Abbott, Allison. "German Technician's Confession Spurs Check on Suspect Data," Nature 393

 

Abbott, Allison. "German Technician's Confession Spurs Check on Suspect Data," Nature 393
(28 May 1998), p. 293.

[MUN1CH] Germany appears to be facing its second major scientific fraud scandal within a
year. Following the admission by a technician at the Max Planck Institute for Plant Breeding in
Cologne that she had fabricated data in at least one scientific paper, the possible systematic
manipulation of important experimental results for more than six years is now being investigated.

Scientists at the institute who helped to expose the case are now repeating experiments described
in more than 30 papers published in leading journals such as Nature, Science, EMBO Journal and
Proceedings of the National Academy of Sciences. The publications date back to 1992.

The repeat experiments, which began in mid-April and are expected to be completed by the
middle of next month, form part of a formal investigation into the affair by the Max Planck
Society (MPS). Experiments in at least half a dozen papers have already been proven to be
non-reproducible using specially developed tests.

The investigation win also attempt to determine how much responsibility for the length of time
that the suspect data went unchallenged should be shouldered by Jeff Schell, one of the institute's
four directors and head of its department of plant genetics where the experiments were carried
out.

The fraud became public in March (see Nature 392, 111; 1998). But scientists in the department
had long been suspicious about the work of a technician, Inge Czaja, as others had been unable to
repeat her success with a particular assay for the enzyme adenylyl cyclase on cultured plant cells.

The role of this enzyme in hormonal signalling in plants has been controversial in the field for
many years. The most recent paper from Richard Walden's group in the department, published in
Nature last December (390, 698-701; 1997), appeared to provide definitive evidence that the
enzyme exists in plants, and is part of the signalling system of the hormone auxin which
promotes cell growth. The institute says it now intends to retract the paper in its previous form.

Before the investigation began, Walden had refused to allow blind tests to be done, as requested
by other group leaders in the department, to validate suspicions that the assay was being
manipulated.

The fraud was exposed when colleagues gave directly to the technician samples designed to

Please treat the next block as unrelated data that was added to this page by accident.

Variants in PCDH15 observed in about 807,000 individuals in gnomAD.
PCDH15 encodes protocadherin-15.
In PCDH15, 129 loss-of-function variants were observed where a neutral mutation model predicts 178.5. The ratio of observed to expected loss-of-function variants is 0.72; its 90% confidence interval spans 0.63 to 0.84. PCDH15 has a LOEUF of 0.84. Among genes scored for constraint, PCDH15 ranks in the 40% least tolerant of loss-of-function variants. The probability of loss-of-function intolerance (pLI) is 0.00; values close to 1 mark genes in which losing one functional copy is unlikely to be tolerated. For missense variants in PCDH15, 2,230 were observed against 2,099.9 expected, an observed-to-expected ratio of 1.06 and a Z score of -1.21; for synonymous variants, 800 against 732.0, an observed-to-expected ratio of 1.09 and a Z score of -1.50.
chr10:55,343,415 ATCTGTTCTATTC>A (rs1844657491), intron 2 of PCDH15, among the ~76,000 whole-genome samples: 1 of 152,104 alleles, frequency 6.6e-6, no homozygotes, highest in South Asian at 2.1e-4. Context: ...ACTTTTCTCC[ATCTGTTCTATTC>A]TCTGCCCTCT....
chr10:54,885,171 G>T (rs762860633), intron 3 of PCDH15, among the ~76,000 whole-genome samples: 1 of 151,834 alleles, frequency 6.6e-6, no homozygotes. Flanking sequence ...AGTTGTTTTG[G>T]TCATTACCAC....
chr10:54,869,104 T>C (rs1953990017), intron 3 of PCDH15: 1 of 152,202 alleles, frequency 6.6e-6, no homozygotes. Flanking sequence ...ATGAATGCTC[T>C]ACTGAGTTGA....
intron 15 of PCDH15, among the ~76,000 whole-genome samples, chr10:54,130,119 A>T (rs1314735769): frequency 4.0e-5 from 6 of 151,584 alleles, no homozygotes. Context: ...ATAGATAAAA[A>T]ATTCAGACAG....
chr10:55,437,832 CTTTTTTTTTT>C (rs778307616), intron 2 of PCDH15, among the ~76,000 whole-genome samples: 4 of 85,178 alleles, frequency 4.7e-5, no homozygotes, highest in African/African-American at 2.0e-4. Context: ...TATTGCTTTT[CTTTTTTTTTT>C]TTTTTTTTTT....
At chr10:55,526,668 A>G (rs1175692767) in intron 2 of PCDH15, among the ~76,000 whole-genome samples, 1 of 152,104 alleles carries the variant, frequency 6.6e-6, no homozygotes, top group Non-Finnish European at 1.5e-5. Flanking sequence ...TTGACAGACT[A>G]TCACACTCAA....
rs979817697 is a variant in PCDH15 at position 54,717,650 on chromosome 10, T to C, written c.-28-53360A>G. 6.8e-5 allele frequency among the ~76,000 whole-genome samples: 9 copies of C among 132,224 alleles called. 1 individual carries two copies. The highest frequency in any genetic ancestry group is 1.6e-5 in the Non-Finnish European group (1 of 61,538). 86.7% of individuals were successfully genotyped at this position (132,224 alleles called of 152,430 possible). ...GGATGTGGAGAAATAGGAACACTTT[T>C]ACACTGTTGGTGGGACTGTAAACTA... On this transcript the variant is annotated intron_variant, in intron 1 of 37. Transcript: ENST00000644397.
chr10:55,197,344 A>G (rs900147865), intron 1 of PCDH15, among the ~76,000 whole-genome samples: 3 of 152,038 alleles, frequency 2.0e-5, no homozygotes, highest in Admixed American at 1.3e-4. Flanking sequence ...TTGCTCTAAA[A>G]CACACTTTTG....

establish whether or not the assay was being manipulated. Both Czaja and Walden left the
institute in February. Walden claims no direct involvement in the fraud, but admits
responsibility, as group leader, for the quality of work done by his group.

Franz Weinert, an MPS vice-president and director of the Institute for Psychological Research in
Munich, is chairing the investigation. He says its first main aim is to clarify how many papers
have been affected by the fraud, and to what extent.

The second aim is to determine, through discussions with the ten group leaders in the
department, when suspicions were first voiced, and how Schell - co-author of some of the papers
being investigated - reacted to concern expressed by group leaders. Weinert says the MPS is very
concerned that fabrication of data appears to have continued for so many years without being
exposed.

This is the first case to be dealt with under the MPS's new rules for handling scientific
misconduct which were approved last year (see Nature 390, 430; 1997). Under these rules, an
informal and confidential internal inquiry should be carried out within an institute when a
suspicion is raised and completed within four weeks.

If grounds for suspicion are confirmed, the director must ask for a formal investigation by the
society, to be carried out by a committee comprising a vice-president and three members of the
MPS arbitration committee. This committee reports to the society's president, Hubert Markl,
who win decide on sanctions.

In the current case, the process was initiated in the middle of April. "We are carrying out the
investigation as fast as possible, while taking the time necessary to be as accurate as we can,"
says Weinert. The MPS win not "hush anything up", he says, and there will be "no taboos". He
expects to report to Markl by the end of this month.

Last year the German scientific community was caught unprepared when two leading researchers
in molecular medicine were accused of faking data over a period of at least five years in around
40 publications (see Nature 389, 105; 1997). In that case, too, a major concern was that the fraud
had apparently been going on for a long time before exposure. Young researchers in the
laboratory are said to have suspected that results were being fabricated, but were reluctant to
voice suspicions outside their group.

Rules for handling such cases have now been introduced in many universities as wed as in the
MPS. These are designed to protect whistleblowers, as wed as researchers who stand accused of
misconduct.

Francesco Salamini, acting director of tile Max Planck Institute of Plant Breeding, says that
despite the depressed mood in Schell's department, "our scientists are doing all that can be done
in such a dramatic case to find out the truth of what happened".